Sharper Image’s argument, that Consumers Union lied by equating effectiveness with the results of Consumers Union’s CADR measurements, essentially boils down to a marketing dispute, or, as Sharper Image put it at the hearing on the motion to strike, a “merchandising competitive battle,” (See Transcript of Proceedings, July 30, 2004, at 47-49), i.e. , whether consumers considering a purchase of a portable air cleaner would prefer a device that purports to clean air faster, but with potentially higher usage costs and noise, or would prefer a device that purports to clean air more slowly, but with potentially lower usage costs and no noise. Consumers Union, however, fully disclosed in its articles the potential benefits of the IBQ, specifically, very low annual energy costs, no filter costs, and lack of noise. Consumers Union also stated that it did not find such benefits to be advantageous in light of the fact that the IBQ, as Sharper Image concedes, does not clean the air quickly.

Consumers Union’s statements that the IBQ is ineffective are predicated on its determination that the speed at which portable air cleaning devices remove dust and smoke particles from the air is of concern to its readers and, accordingly, it gave the IBQ a “poor” rating in both articles. Sharper Image has not shown any probability, let alone a reasonable probability, that Consumers Union’s statements in that respect are false by reason of Consumers Union’s reliance, in forming such opinions, on the results of a test measuring CADR.

Additionally, with respect to Consumers Union’s statement that its tests were “based on the industry standard for measuring clean-air delivery rate (CADR),” Sharper Image has not shown such statement is false, given that Sharper Image’s own evidence shows that CADR is a common or standard measurement of an air cleaner’s performance.

2. Application of Protocol Employed[edit]

Sharper Image argues that to the extent Consumers Union’s statements are based on the results of Consumers Union’s tests measuring CADR, such statements are false because Consumers Union did not employ the CADR “test” properly. (See Pl.’s Renewed Opp., filed May 21, 2004, at 10:7.)[20] Specifically, Sharper Image argues that the test protocol employed by Consumers Union to measure CADR involved “deviations” from the AC-1 test protocol, the specific test designed by AHAM to measure CADR. (See id. at 10:8-19.)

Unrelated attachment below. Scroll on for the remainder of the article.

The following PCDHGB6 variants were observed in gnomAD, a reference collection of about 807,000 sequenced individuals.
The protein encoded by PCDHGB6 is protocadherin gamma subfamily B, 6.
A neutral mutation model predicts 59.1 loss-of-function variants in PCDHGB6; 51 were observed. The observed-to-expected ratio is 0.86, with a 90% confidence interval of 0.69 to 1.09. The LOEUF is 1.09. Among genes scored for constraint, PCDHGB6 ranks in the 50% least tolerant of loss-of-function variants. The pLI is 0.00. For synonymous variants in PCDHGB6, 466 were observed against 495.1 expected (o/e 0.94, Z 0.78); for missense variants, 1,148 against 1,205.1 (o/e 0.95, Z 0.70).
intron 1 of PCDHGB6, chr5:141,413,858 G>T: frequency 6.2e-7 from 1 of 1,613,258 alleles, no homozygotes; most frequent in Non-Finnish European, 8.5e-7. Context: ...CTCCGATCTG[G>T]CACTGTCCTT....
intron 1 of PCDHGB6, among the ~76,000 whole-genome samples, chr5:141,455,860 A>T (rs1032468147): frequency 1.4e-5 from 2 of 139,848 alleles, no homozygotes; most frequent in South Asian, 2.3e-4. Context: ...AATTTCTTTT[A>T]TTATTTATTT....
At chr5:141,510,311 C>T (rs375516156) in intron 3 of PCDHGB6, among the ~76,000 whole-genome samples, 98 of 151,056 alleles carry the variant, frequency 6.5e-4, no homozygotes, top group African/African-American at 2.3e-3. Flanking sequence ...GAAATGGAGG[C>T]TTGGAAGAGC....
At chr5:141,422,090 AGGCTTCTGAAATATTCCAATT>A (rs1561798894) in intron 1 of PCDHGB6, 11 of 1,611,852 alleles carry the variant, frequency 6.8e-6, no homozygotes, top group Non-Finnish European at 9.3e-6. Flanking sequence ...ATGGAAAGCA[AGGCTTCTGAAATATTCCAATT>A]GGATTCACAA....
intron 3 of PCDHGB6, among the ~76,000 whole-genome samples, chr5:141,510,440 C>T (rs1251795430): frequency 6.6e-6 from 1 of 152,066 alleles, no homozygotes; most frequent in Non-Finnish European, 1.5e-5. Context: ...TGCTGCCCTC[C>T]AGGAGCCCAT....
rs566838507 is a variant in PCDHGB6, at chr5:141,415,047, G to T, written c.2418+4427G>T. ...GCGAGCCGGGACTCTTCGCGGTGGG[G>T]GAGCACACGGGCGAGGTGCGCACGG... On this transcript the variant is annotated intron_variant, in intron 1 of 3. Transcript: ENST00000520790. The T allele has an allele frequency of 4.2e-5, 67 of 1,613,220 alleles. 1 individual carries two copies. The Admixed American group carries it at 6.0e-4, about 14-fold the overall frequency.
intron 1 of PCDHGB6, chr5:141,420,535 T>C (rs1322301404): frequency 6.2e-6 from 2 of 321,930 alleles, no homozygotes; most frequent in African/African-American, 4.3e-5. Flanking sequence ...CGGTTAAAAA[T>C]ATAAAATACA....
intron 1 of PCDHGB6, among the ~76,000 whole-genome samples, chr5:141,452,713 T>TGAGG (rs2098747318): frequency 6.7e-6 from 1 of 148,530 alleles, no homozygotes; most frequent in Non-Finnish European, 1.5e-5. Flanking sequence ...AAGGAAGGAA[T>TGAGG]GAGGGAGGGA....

In particular, Sharper Image argues that Consumers Union’s test deviated from AHAM’s AC-1 test protocol in the following ways: (1) Consumers Union did not test for pollen removal, (See Parker Decl., filed December 15, 2003, Ex. B at 2 (stating AC-1 “test particulate matter” is cigarette smoke, road dust, and pollen); Wallace Dep. at 43-44[21] (testifying Consumers Union tested for removal of cigarette smoke and road dust, but not pollen)); (2) Consumers Union’s test chamber was larger than that identified in the AC-1 test protocol, (See Parker Decl., filed December 15, 2003, Ex. B, Appendix A (stating AC-1 test chamber should be 1008 cubic feet, or “10 ½ ft. x 12 ft. x 8 ft”); Wallace Dep. at 76 (testifying Consumers Union’s test chambers was 1700 cubic feet); Nanni Dep. at 62-63[22] (testifying dimensions of Consumers Union’s test chamber “roughly like 12 by 17 or 12 by 18”)); (3) Consumers Union did not use a continuous fan, (See Parker Decl., filed December 15, 2003, Ex. B at 5 (stating, for AC-1, “recirculation fan is to be operated throughout all tests”); Wallace Dep. at 99 (testifying Consumers Union did not run continuous fan during its testing)); and (4) Consumers Union turned on the air cleaners manually, rather than remotely, (See Parker Decl., filed December 15, 2003, Ex. B at 7-8 (stating, for AC-1, air cleaners should be “turn[ed] on” after “chamber valve” is closed); Wallace Dep. 182 (testifying Consumers Union’s staff manually turned on air cleaners by “dash[ing] in and dash[ing] out” of test chamber)).[23]

Consumers Union did not represent, in either of the two subject articles or in any statement republished by third parties, that the test protocol it employed to measure CADR was the AC-1 test protocol designed by AHAM. Consequently, to the extent Sharper Image argues that Consumers Union’s test protocol “deviated” from the AHAM-designed test, such evidence, standing alone, is insufficient to support a finding that any of Consumers Union’s statements were false. Rather, the issue presented by evidence of any “deviation” is whether Consumers Union’s statements concerning the effectiveness of the IBQ, which were based on the results of tests whose protocol differed from the AC-1, were false because the deviations from the AC-1 test protocol rendered Consumers Union’s results unreliable. See, e.g., Consumer Justice Center, 107 Cal. App. 4th at 605 (holding plaintiff had reasonable probability of proving statements about efficacy of product were false where statements “not supported by any reliable scientific proof”).